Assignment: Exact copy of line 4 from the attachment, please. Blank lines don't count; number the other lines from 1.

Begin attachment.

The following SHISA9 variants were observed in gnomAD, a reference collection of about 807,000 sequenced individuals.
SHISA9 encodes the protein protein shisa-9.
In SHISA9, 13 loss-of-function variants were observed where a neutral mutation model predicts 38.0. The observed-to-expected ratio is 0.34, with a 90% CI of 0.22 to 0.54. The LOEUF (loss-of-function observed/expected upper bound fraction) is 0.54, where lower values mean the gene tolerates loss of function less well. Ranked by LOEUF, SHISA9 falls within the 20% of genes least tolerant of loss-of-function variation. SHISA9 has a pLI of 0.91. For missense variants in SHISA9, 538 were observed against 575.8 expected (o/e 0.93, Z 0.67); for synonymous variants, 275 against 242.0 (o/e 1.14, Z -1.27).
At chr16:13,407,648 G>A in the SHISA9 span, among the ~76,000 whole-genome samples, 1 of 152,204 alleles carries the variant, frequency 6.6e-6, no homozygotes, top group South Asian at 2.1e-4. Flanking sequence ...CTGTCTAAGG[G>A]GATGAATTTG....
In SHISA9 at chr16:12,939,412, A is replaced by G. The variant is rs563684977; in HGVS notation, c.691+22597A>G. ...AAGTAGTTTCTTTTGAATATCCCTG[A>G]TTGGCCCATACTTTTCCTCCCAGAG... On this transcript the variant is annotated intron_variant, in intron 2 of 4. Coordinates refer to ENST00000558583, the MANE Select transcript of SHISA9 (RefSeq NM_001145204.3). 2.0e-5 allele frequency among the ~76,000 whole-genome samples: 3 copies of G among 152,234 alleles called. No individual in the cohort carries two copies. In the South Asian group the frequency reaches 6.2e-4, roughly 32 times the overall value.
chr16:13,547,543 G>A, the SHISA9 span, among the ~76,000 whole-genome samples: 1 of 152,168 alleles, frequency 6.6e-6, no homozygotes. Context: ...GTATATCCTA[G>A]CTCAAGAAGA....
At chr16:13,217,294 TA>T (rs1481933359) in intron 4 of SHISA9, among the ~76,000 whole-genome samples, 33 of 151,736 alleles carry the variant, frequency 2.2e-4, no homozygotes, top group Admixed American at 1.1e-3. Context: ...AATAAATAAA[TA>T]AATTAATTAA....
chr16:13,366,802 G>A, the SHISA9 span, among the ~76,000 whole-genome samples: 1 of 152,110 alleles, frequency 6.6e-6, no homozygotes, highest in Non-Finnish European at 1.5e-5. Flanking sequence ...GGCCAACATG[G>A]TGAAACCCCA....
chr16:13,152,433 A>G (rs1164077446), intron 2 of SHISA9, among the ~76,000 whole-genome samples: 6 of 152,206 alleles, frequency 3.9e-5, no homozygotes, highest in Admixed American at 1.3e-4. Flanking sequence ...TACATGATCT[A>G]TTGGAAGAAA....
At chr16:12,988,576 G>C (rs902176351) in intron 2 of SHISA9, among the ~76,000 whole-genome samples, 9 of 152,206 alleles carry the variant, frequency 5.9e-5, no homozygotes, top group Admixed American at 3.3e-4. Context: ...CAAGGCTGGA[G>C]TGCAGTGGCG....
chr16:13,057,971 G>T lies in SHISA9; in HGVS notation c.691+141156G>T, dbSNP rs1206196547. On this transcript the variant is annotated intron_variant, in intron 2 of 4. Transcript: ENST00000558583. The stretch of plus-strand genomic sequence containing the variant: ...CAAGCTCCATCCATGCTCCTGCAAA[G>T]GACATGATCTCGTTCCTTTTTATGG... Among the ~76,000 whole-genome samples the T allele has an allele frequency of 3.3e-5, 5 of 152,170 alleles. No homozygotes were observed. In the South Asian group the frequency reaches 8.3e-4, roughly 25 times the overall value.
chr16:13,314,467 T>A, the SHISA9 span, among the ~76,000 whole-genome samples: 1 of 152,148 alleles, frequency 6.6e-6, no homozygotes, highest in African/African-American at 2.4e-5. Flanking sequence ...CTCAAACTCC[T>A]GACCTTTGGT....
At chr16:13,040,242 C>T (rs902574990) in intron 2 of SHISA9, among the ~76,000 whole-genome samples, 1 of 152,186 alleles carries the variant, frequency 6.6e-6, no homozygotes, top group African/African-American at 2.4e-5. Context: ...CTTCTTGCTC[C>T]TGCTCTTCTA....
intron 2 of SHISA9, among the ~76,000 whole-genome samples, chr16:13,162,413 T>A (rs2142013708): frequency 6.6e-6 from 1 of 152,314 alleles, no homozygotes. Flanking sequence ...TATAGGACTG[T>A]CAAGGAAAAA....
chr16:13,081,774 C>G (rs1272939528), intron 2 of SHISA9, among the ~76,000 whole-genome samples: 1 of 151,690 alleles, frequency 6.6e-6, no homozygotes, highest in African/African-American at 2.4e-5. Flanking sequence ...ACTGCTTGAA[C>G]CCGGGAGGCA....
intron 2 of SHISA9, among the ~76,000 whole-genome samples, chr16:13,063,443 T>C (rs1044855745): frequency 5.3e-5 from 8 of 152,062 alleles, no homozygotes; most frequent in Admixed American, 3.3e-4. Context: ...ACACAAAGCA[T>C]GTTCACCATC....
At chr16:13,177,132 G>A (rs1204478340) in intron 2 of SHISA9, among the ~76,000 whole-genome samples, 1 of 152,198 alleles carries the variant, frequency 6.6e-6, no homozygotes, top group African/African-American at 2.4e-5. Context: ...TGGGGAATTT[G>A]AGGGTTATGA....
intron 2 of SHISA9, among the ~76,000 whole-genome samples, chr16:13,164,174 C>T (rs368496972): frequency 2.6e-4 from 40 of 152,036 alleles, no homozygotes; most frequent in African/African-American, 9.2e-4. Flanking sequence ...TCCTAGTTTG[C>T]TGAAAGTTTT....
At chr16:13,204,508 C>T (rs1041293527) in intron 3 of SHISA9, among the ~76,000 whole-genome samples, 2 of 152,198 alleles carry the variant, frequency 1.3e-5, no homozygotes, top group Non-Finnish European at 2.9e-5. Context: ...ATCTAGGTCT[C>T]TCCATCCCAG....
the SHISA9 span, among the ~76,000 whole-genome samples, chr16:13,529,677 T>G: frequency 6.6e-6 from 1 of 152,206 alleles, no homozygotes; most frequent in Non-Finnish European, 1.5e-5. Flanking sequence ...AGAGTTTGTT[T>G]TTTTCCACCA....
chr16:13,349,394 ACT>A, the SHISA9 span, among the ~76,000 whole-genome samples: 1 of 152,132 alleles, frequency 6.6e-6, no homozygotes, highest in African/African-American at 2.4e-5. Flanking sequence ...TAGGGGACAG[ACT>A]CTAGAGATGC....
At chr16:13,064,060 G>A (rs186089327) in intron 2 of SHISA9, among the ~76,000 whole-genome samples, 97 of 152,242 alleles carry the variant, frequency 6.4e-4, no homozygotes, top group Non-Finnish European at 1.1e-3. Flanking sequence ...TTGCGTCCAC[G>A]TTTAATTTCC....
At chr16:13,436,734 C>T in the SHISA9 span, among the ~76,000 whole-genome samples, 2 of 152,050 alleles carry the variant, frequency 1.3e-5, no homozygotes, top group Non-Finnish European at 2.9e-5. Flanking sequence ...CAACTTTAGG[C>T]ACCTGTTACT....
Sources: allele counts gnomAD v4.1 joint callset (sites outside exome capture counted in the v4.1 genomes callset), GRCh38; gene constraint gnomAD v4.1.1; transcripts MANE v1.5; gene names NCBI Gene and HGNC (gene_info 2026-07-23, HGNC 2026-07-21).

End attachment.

At chr16:13,407,648 G>A in the SHISA9 span, among the ~76,000 whole-genome samples, 1 of 152,204 alleles carries the variant, frequency 6.6e-6, no homozygotes, top group South Asian at 2.1e-4. Flanking sequence ...CTGTCTAAGG[G>A]GATGAATTTG....